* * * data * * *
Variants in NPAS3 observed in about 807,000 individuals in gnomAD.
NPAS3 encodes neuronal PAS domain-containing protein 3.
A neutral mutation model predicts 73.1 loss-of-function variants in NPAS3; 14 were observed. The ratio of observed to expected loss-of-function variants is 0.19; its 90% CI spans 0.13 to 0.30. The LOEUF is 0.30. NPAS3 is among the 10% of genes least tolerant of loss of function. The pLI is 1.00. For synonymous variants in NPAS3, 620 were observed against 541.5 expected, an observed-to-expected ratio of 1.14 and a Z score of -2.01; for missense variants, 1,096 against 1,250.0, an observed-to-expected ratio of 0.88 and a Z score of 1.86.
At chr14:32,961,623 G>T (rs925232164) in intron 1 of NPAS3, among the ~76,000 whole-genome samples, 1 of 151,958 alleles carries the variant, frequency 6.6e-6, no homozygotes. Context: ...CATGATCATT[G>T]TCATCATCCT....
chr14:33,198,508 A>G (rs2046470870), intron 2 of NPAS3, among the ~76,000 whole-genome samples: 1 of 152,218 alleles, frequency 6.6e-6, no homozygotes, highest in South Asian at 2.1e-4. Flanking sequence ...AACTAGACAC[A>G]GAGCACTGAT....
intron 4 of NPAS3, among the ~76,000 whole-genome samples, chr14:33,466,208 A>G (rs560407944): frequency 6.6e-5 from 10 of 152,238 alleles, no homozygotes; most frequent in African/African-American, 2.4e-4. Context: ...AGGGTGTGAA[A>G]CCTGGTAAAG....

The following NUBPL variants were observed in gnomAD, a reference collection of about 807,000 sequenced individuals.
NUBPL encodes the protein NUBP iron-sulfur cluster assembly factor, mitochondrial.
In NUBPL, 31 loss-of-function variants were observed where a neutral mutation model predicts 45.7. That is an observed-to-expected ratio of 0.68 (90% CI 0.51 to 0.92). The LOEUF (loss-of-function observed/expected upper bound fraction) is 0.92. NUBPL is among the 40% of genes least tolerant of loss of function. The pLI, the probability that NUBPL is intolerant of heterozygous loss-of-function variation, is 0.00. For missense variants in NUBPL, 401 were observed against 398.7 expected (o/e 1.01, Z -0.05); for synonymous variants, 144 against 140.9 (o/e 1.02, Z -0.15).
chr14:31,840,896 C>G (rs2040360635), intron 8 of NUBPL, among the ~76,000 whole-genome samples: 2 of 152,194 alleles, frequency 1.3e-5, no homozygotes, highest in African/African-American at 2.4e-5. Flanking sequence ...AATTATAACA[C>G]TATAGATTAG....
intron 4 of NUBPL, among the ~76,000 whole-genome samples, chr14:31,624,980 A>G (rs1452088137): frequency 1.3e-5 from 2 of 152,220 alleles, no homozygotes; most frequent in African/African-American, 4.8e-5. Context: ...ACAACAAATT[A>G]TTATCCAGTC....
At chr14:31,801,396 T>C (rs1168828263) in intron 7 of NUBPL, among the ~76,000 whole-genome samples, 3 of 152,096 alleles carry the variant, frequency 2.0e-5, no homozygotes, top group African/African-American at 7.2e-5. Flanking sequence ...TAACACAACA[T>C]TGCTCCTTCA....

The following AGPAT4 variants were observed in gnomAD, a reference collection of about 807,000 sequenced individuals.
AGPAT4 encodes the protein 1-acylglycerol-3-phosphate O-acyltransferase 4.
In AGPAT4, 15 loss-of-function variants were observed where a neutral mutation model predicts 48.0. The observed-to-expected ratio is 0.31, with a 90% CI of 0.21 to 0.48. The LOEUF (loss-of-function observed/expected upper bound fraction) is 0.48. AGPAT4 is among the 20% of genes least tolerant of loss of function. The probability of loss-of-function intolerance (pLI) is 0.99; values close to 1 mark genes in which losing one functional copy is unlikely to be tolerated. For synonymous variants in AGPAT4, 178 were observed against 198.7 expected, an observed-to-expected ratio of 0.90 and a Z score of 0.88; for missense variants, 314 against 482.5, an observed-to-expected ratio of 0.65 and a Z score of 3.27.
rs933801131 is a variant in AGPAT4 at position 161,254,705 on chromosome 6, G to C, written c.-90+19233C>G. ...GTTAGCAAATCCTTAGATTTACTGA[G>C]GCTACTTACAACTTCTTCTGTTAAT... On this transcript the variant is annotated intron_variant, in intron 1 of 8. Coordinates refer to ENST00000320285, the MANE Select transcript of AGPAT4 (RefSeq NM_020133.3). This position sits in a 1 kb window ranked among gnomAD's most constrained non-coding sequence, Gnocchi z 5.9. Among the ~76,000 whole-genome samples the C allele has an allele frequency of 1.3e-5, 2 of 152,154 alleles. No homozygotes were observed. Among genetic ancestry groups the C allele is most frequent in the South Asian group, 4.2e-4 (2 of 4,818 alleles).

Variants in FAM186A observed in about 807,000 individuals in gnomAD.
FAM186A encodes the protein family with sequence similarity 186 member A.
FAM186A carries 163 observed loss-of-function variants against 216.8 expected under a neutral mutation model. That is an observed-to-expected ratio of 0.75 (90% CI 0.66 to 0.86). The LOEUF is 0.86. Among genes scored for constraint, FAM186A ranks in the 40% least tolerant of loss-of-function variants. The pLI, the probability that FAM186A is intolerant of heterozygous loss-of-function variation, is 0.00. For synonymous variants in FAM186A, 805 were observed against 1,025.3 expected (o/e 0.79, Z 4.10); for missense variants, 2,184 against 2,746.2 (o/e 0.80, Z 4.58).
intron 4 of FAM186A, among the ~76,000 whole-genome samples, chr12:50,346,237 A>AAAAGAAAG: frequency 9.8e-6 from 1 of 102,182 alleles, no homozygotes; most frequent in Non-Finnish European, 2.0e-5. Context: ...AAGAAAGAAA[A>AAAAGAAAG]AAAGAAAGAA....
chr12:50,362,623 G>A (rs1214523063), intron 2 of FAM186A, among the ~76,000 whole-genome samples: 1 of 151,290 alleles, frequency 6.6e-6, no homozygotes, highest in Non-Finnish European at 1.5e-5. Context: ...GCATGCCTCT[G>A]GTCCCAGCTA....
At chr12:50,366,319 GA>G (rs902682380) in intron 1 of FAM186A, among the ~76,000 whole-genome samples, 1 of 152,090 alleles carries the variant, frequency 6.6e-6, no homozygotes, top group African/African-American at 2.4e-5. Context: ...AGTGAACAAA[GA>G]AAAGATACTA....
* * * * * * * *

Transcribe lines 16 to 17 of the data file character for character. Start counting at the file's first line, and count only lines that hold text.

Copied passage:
rs933801131 is a variant in AGPAT4 at position 161,254,705 on chromosome 6, G to C, written c.-90+19233C>G. ...GTTAGCAAATCCTTAGATTTACTGA[G>C]GCTACTTACAACTTCTTCTGTTAAT... On this transcript the variant is annotated intron_variant, in intron 1 of 8. Coordinates refer to ENST00000320285, the MANE Select transcript of AGPAT4 (RefSeq NM_020133.3). This position sits in a 1 kb window ranked among gnomAD's most constrained non-coding sequence, Gnocchi z 5.9. Among the ~76,000 whole-genome samples the C allele has an allele frequency of 1.3e-5, 2 of 152,154 alleles. No homozygotes were observed. Among genetic ancestry groups the C allele is most frequent in the South Asian group, 4.2e-4 (2 of 4,818 alleles).

Variants in FAM186A observed in about 807,000 individuals in gnomAD.